"Now it makes all the sense in the world because you've watched him pitch for eight years now," said former Sox backup catcher Kevin Cash, Maddon's successor as Rays manager. "But back then, you remember just the poise he had for a young player being put in that type of position. It was impressive."


The first out was the biggest.

Part of the reason Maddon called on Price, even with right-handed Balfour still available, was the matchup against lefty-swinging J.D. Drew. The count went full before Price unleashed a slider out of the strike zone. But plate umpire Brian Gorman ruled that Drew didn't check his swing, sending Tropicana Field into an ear-splitting frenzy and Price fist-pumping his way off the field.

"I get back to the dugout and sit down and I'm like, 'All right, atta baby, good job,'" Price said. "And Hickey walks over like, 'Hey, you're going back out for the ninth.' I'm like, 'All right, OK, all right. Let's do this.' I had to mentally lock it back in again."

Jason Bay led off the bottom of the ninth and worked an eight-pitch walk by laying off a slider that Price still contends should have been a called third strike.

That's when Hickey began to get nervous.

"The plan was to go out there and -- he's a 6-foot-6 left-hander, they haven't seen him -- throw 97. It's pretty difficult to handle," Hickey said. "So when he walks Bay with an offspeed pitch, I had a little bit of an 'Oh, shoot!' moment."

But that was when Price proved he would be a future ace. He froze Mark Kotsay, then struck out Varitek in an at-bat the former Sox captain would sooner forget but was able to joke about when Price signed his seven-year contract in December.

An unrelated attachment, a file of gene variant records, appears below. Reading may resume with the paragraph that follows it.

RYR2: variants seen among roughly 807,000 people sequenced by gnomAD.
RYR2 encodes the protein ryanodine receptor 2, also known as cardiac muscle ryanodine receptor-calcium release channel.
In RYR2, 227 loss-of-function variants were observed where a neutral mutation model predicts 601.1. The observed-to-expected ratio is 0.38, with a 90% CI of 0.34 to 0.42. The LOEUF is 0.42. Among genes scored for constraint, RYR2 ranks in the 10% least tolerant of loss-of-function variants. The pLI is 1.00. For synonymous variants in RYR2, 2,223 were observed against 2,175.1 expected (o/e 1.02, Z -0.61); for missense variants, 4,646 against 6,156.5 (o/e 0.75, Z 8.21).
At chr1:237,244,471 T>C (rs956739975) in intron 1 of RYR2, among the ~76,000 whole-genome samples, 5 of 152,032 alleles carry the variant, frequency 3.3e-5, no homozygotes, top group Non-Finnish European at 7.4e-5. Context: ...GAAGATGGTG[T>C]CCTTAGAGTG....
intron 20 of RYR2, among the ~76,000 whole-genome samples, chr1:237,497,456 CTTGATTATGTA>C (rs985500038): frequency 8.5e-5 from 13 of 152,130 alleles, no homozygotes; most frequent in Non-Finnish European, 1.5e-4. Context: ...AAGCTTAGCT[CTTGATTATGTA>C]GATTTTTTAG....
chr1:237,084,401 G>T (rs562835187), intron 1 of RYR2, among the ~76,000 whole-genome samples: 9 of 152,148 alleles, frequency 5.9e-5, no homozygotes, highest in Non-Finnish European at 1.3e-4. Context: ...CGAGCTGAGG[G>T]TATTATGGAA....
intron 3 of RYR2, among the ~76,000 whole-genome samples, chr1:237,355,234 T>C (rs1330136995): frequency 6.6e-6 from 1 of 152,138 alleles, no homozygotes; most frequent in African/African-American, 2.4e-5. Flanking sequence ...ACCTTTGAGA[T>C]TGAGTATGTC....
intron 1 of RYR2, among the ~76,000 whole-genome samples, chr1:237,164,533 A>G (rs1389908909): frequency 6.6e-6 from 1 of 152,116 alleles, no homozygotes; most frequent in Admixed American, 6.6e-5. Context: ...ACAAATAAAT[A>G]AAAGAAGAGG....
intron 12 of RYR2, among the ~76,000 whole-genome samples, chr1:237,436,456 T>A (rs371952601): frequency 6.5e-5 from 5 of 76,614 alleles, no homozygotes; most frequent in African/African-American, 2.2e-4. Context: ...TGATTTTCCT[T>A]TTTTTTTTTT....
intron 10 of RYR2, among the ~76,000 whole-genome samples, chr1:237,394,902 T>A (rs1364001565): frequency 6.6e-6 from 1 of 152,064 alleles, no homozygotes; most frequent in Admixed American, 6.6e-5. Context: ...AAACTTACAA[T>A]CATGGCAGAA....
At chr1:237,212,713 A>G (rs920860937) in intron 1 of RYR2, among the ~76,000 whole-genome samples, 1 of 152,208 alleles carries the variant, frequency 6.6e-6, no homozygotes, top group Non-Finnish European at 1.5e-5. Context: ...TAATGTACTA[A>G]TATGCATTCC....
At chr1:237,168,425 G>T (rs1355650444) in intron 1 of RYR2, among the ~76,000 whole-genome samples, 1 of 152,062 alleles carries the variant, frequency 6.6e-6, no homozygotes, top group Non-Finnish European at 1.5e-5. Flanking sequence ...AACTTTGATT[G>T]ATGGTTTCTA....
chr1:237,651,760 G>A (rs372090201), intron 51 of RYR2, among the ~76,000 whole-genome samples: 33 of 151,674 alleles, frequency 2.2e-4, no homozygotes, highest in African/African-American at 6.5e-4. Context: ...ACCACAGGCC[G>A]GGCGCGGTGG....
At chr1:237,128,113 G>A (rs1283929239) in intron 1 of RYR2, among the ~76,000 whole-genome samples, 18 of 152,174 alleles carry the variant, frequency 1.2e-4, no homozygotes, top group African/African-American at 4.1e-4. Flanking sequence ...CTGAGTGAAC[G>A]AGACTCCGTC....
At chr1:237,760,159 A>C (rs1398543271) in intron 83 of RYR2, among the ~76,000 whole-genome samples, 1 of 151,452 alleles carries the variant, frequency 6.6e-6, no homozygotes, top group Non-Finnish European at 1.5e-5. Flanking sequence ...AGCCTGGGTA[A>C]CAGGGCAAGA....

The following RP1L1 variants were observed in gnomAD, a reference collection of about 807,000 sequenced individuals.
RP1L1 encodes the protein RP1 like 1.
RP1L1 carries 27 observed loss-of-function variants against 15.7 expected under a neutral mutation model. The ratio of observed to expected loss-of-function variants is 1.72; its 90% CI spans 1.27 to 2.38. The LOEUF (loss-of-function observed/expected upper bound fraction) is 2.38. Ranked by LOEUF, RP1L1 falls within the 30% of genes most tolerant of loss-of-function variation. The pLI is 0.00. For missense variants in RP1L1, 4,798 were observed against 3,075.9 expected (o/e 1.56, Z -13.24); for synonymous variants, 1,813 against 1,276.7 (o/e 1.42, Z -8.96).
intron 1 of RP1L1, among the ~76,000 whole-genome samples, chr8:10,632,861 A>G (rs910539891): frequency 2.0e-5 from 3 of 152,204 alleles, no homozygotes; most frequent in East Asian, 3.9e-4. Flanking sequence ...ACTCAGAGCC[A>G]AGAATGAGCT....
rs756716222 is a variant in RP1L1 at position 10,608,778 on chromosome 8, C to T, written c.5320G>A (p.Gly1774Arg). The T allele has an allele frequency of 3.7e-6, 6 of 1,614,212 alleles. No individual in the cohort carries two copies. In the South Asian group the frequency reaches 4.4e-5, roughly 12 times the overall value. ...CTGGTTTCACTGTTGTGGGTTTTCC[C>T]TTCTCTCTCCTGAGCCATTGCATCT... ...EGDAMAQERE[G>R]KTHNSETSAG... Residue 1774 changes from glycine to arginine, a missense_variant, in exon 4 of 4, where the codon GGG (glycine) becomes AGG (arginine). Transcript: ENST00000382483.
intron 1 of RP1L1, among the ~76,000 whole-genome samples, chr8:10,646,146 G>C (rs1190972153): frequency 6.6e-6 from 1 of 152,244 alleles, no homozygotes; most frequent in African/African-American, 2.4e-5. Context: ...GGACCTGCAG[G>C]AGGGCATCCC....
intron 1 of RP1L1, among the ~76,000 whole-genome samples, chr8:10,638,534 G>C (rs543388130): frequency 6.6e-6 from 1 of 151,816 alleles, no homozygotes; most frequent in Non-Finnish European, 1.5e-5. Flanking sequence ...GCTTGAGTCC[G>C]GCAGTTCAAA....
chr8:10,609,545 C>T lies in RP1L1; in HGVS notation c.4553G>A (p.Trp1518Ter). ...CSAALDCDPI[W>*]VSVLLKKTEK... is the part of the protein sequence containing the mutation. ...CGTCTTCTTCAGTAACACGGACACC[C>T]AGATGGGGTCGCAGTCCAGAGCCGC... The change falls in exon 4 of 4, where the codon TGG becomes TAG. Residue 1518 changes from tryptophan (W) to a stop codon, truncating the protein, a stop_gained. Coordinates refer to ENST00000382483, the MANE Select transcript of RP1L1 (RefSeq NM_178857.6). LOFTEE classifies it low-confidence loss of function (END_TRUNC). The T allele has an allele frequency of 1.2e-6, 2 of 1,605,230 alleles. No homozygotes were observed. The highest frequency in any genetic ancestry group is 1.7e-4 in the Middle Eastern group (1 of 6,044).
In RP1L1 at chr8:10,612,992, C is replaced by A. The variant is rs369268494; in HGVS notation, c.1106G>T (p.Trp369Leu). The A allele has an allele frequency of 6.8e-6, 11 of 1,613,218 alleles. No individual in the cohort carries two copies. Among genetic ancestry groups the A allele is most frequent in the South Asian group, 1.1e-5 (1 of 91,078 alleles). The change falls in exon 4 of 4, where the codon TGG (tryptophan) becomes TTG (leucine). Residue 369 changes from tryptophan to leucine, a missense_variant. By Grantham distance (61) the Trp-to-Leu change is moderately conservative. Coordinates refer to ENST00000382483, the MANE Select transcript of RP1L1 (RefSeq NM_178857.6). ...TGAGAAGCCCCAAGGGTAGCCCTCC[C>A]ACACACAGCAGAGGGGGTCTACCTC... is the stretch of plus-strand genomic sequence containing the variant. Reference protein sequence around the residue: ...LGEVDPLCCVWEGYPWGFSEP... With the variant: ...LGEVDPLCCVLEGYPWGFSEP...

"I knew I belonged in the big leagues, but everybody thinks they belong there. It's when you get there and you have those first couple experiences. If they don't go so well, especially in a situation like that, you could have some self-doubt. It was just a good boost of my confidence. 2008 was very big. It's definitely a big reason I am who I am today."

David Price

"Tek was like, 'Don't think you're big stuff because you struck me out. That's been done a lot,'" Price said. "It's all in good fun."

Said Varitek: "The electricity of that stage, so much at stake, the game didn't speed up on him. You had to commend the kid, the man, and he obviously showed enough fortitude to deserve that chance."

Price got Jed Lowrie to roll into a fielder's choice for the pennant-clinching out, and the coming-of-age moment was complete.


A year later, Price became a full-fledged starter for the Rays, and in 2012, he went 20-5 with a 2.56 ERA and copped the AL Cy Young Award. Since 2010, he ranks second among AL starters in strikeouts (1,332) and innings pitched (1,299⅓) and fourth in ERA (2.97).

And now, he's the No. 1 starter the Red Sox haven't had since they traded Jon Lester midway through the 2014 season.

In all likelihood, Price would have reached those heights without his postseason experience in 2008. But he admits it was a springboard to helping him get there, ironically at the Sox's expense.

"I knew I belonged in the big leagues, but everybody thinks they belong there," Price said. "It's when you get there and you have those first couple experiences. If they don't go so well, especially in a situation like that, you could have some self-doubt. It was just a good boost of my confidence. Two thousand and eight was very big. It's definitely a big reason I am who I am today."